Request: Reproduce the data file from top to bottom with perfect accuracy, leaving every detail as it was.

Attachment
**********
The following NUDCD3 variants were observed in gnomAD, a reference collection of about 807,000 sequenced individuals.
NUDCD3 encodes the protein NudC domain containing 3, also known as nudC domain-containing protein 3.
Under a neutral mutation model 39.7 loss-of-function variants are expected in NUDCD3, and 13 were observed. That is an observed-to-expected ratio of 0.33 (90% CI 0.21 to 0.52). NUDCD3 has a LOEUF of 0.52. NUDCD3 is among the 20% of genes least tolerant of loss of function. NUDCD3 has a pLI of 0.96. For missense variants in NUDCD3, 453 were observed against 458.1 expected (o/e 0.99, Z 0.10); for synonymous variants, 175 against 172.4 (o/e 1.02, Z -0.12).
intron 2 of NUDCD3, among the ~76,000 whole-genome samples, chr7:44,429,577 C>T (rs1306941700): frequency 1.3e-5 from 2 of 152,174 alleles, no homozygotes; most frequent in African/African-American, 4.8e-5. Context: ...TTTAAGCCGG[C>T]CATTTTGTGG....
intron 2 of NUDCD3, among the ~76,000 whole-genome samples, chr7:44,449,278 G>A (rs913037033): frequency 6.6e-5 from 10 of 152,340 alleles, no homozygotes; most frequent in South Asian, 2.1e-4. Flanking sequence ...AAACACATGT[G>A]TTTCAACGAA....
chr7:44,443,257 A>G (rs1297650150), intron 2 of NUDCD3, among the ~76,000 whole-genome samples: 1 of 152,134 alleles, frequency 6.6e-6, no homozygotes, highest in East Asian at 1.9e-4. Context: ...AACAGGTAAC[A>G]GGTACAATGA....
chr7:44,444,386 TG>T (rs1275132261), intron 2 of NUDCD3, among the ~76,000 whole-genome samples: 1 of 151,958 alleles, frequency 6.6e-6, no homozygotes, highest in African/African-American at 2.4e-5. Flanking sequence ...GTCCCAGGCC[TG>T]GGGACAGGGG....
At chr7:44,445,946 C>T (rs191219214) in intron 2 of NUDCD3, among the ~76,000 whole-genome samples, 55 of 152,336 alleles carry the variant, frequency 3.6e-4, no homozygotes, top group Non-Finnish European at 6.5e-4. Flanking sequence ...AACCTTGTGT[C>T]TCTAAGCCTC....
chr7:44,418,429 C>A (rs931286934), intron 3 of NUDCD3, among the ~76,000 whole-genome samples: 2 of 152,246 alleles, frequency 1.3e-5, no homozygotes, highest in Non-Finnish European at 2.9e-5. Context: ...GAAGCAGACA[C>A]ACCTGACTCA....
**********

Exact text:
The following NUDCD3 variants were observed in gnomAD, a reference collection of about 807,000 sequenced individuals.
NUDCD3 encodes the protein NudC domain containing 3, also known as nudC domain-containing protein 3.
Under a neutral mutation model 39.7 loss-of-function variants are expected in NUDCD3, and 13 were observed. That is an observed-to-expected ratio of 0.33 (90% CI 0.21 to 0.52). NUDCD3 has a LOEUF of 0.52. NUDCD3 is among the 20% of genes least tolerant of loss of function. NUDCD3 has a pLI of 0.96. For missense variants in NUDCD3, 453 were observed against 458.1 expected (o/e 0.99, Z 0.10); for synonymous variants, 175 against 172.4 (o/e 1.02, Z -0.12).
intron 2 of NUDCD3, among the ~76,000 whole-genome samples, chr7:44,429,577 C>T (rs1306941700): frequency 1.3e-5 from 2 of 152,174 alleles, no homozygotes; most frequent in African/African-American, 4.8e-5. Context: ...TTTAAGCCGG[C>T]CATTTTGTGG....
intron 2 of NUDCD3, among the ~76,000 whole-genome samples, chr7:44,449,278 G>A (rs913037033): frequency 6.6e-5 from 10 of 152,340 alleles, no homozygotes; most frequent in South Asian, 2.1e-4. Flanking sequence ...AAACACATGT[G>A]TTTCAACGAA....
chr7:44,443,257 A>G (rs1297650150), intron 2 of NUDCD3, among the ~76,000 whole-genome samples: 1 of 152,134 alleles, frequency 6.6e-6, no homozygotes, highest in East Asian at 1.9e-4. Context: ...AACAGGTAAC[A>G]GGTACAATGA....
chr7:44,444,386 TG>T (rs1275132261), intron 2 of NUDCD3, among the ~76,000 whole-genome samples: 1 of 151,958 alleles, frequency 6.6e-6, no homozygotes, highest in African/African-American at 2.4e-5. Flanking sequence ...GTCCCAGGCC[TG>T]GGGACAGGGG....
At chr7:44,445,946 C>T (rs191219214) in intron 2 of NUDCD3, among the ~76,000 whole-genome samples, 55 of 152,336 alleles carry the variant, frequency 3.6e-4, no homozygotes, top group Non-Finnish European at 6.5e-4. Flanking sequence ...AACCTTGTGT[C>T]TCTAAGCCTC....
chr7:44,418,429 C>A (rs931286934), intron 3 of NUDCD3, among the ~76,000 whole-genome samples: 2 of 152,246 alleles, frequency 1.3e-5, no homozygotes, highest in Non-Finnish European at 2.9e-5. Context: ...GAAGCAGACA[C>A]ACCTGACTCA....